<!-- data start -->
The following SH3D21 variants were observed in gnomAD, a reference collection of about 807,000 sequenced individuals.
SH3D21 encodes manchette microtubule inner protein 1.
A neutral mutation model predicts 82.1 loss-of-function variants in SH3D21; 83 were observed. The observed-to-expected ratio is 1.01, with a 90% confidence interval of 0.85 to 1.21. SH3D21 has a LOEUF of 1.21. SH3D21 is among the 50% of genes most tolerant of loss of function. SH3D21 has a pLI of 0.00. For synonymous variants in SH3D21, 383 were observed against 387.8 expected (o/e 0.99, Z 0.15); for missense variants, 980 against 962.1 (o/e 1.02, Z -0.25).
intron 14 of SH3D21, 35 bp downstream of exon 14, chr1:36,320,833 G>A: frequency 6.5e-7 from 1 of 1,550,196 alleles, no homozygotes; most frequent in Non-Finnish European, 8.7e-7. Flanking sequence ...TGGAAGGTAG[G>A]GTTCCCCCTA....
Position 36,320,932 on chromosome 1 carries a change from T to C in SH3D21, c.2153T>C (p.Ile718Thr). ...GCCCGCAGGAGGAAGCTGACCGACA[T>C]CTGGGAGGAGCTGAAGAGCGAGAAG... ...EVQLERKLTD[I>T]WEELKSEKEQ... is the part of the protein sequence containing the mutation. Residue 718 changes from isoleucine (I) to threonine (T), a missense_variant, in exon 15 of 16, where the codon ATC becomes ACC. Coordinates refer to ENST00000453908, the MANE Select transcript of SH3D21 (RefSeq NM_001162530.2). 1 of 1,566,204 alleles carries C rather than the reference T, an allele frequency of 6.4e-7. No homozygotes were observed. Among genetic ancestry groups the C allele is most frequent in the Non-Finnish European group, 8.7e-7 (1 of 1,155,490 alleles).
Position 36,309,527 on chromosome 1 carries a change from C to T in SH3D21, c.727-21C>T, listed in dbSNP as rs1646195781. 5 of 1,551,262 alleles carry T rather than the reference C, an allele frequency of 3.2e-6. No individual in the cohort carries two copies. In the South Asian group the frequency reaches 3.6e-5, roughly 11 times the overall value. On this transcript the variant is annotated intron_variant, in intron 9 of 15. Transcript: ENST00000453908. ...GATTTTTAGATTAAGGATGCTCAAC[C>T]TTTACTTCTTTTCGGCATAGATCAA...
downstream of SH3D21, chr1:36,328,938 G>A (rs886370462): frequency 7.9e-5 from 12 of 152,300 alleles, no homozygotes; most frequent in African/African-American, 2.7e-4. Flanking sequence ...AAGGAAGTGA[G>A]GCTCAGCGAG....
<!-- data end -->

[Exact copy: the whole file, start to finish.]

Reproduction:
The following SH3D21 variants were observed in gnomAD, a reference collection of about 807,000 sequenced individuals.
SH3D21 encodes manchette microtubule inner protein 1.
A neutral mutation model predicts 82.1 loss-of-function variants in SH3D21; 83 were observed. The observed-to-expected ratio is 1.01, with a 90% confidence interval of 0.85 to 1.21. SH3D21 has a LOEUF of 1.21. SH3D21 is among the 50% of genes most tolerant of loss of function. SH3D21 has a pLI of 0.00. For synonymous variants in SH3D21, 383 were observed against 387.8 expected (o/e 0.99, Z 0.15); for missense variants, 980 against 962.1 (o/e 1.02, Z -0.25).
intron 14 of SH3D21, 35 bp downstream of exon 14, chr1:36,320,833 G>A: frequency 6.5e-7 from 1 of 1,550,196 alleles, no homozygotes; most frequent in Non-Finnish European, 8.7e-7. Flanking sequence ...TGGAAGGTAG[G>A]GTTCCCCCTA....
Position 36,320,932 on chromosome 1 carries a change from T to C in SH3D21, c.2153T>C (p.Ile718Thr). ...GCCCGCAGGAGGAAGCTGACCGACA[T>C]CTGGGAGGAGCTGAAGAGCGAGAAG... ...EVQLERKLTD[I>T]WEELKSEKEQ... is the part of the protein sequence containing the mutation. Residue 718 changes from isoleucine (I) to threonine (T), a missense_variant, in exon 15 of 16, where the codon ATC becomes ACC. Coordinates refer to ENST00000453908, the MANE Select transcript of SH3D21 (RefSeq NM_001162530.2). 1 of 1,566,204 alleles carries C rather than the reference T, an allele frequency of 6.4e-7. No homozygotes were observed. Among genetic ancestry groups the C allele is most frequent in the Non-Finnish European group, 8.7e-7 (1 of 1,155,490 alleles).
Position 36,309,527 on chromosome 1 carries a change from C to T in SH3D21, c.727-21C>T, listed in dbSNP as rs1646195781. 5 of 1,551,262 alleles carry T rather than the reference C, an allele frequency of 3.2e-6. No individual in the cohort carries two copies. In the South Asian group the frequency reaches 3.6e-5, roughly 11 times the overall value. On this transcript the variant is annotated intron_variant, in intron 9 of 15. Transcript: ENST00000453908. ...GATTTTTAGATTAAGGATGCTCAAC[C>T]TTTACTTCTTTTCGGCATAGATCAA...
downstream of SH3D21, chr1:36,328,938 G>A (rs886370462): frequency 7.9e-5 from 12 of 152,300 alleles, no homozygotes; most frequent in African/African-American, 2.7e-4. Flanking sequence ...AAGGAAGTGA[G>A]GCTCAGCGAG....